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Understanding the balancing act of change

SOME time ago, Charles Darwin made the point that it was not the biggest or the fastest that were most likely to survive change, it was the most adaptable. This is a line that has proven very popular among the swag of writers advocating the need to constantly adapt to the changes we are currently facing.

But change is never easy and rarely comfortable, either indi-vidually or as a community. Ted Saffo, from the Institute of the Future, says that, in adapting to change, societies work on a 30-year rule.

Based in San Francisco, Mr Saffo argues that the decade between our 15th and 25th birthdays is the most intellectually influential. He says that, while there are all sorts of basic and critical things we learn before then, most of our values and fundamental ideas are shaped through this time.

It then takes us a further 30 years, until we are between 45 and 55, to rise to jobs that have sufficient influence so we can put these ideas into operation. Hence the 30-year rule.

So if Mr Saffo is right, today’s leaders – in politics, business, the media, wherever – are being guided by the world view they discovered, or dreamt up, in the 1960s and 70s. A quick scan of the latest film and music releases or television programs certainly confirms that recycling is very fashionable.

It doesn’t take any great insight to observe that the world was a very different place, but how often do we see echoes of the ’60s and ’70s being applied in trying to find solutions to today’s problems.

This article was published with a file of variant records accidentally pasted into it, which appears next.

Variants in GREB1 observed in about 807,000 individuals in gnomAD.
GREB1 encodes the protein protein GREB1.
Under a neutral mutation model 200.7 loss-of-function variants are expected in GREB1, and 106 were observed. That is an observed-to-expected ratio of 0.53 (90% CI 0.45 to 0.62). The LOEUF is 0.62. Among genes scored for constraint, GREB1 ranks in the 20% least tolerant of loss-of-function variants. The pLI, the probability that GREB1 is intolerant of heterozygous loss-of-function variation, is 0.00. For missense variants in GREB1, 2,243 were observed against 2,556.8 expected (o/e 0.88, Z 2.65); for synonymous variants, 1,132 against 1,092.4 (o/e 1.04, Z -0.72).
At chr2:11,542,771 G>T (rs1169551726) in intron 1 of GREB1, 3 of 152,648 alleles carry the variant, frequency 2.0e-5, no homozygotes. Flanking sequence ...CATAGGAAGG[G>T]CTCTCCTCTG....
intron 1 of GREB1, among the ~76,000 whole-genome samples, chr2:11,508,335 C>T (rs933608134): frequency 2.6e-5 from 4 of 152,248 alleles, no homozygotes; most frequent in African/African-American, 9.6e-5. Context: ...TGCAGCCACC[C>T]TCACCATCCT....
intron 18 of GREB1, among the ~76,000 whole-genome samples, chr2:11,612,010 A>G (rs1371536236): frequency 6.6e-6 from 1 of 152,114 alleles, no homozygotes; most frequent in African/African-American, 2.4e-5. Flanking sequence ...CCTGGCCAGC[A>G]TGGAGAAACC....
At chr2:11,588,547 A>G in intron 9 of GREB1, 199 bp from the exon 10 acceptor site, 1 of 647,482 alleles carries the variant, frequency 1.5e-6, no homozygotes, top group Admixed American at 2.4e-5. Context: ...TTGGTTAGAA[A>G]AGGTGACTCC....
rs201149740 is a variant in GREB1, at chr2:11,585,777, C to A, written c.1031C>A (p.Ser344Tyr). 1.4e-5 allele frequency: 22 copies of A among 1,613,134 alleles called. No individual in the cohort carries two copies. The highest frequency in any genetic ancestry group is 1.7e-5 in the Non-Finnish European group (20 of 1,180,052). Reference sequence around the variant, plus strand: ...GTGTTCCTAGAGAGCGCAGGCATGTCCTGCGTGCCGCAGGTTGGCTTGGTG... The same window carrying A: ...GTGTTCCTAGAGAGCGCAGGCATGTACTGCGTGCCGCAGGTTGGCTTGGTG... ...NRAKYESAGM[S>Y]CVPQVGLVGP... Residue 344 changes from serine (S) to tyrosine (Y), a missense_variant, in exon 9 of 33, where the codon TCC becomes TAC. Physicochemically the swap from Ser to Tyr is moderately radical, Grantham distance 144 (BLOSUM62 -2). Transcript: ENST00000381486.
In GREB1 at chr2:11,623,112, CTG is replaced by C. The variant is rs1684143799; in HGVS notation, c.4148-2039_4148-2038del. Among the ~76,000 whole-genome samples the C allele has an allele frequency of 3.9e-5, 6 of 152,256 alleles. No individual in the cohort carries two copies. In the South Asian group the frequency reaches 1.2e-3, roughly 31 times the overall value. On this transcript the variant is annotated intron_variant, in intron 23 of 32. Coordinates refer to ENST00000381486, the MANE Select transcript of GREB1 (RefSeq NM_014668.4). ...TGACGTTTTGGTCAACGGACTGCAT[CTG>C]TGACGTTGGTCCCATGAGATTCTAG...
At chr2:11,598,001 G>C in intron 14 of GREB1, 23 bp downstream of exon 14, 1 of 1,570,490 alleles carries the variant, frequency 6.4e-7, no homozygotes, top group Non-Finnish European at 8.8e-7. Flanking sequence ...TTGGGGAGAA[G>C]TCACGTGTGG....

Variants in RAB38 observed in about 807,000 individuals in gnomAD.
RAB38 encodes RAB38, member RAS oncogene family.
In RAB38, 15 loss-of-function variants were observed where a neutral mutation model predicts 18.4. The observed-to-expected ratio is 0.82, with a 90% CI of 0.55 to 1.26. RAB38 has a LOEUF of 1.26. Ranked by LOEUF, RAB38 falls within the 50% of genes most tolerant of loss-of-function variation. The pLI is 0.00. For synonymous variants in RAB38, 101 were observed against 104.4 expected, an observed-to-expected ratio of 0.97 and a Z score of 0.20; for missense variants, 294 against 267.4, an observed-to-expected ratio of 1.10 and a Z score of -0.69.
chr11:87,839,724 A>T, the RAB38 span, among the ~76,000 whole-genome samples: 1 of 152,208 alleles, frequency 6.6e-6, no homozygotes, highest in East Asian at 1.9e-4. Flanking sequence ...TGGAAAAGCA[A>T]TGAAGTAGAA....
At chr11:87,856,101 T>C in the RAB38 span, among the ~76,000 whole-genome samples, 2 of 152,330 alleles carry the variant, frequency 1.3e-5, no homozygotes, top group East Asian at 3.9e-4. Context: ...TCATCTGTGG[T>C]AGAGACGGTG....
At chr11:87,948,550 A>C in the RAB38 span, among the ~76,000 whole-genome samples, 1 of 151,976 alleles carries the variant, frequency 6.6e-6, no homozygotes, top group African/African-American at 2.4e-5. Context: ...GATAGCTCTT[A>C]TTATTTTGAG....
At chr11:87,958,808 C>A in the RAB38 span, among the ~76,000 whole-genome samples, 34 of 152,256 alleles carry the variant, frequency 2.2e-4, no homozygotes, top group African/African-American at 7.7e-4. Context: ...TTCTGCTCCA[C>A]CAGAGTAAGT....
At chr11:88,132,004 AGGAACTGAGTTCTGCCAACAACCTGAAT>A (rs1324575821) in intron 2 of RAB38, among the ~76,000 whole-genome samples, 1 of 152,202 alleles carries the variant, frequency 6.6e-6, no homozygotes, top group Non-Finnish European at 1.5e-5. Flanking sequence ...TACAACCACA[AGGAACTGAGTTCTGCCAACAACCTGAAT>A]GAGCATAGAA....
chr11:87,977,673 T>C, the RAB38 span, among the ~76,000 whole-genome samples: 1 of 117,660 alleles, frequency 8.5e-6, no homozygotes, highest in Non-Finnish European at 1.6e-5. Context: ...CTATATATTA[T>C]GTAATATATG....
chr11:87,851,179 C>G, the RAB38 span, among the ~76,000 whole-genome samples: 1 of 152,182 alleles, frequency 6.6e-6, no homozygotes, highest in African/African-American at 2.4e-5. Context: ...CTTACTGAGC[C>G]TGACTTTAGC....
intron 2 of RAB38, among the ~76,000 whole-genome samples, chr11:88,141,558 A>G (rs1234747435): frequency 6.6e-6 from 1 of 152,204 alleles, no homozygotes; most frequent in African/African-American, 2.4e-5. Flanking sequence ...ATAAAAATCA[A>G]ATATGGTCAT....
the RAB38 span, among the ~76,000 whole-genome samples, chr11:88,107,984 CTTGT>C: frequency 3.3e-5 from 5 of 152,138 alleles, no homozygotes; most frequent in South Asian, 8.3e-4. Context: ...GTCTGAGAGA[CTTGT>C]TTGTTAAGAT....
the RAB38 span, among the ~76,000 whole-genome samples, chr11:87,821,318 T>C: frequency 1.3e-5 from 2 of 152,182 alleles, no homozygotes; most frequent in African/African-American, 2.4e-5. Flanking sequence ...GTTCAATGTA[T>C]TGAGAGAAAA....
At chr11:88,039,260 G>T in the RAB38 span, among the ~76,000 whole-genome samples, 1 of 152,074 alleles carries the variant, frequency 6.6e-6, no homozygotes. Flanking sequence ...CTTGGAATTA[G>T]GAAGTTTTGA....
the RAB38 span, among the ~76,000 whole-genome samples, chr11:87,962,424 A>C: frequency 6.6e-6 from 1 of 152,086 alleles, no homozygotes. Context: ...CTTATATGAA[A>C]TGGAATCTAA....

In terms of the mass of changes that have occurred socially, technologically, economically, en-vironmentally or politically over the past 30 years, a mindset stuck in the 1960s or 1970s is likely to be more of a hindrance than an asset.

But obviously none of us lives in a complete vacuum as we work our way up the slippery pole. Attitudes change, as do our most basic understanding of how systems work (in some cases

far more slowly than others).

This is not to say that there is value in change for change’s sake. As human animals we gain a lot of comfort from the old and familiar, in fact an entirely uncertain world would send us off the deep end.

The challenge for any leader is to understand this balance between the new and different and the old and familiar and what are the crucial elements of each. Taking the wrong path way direction makes that person a part of the problem rather than an aid in finding the solution.

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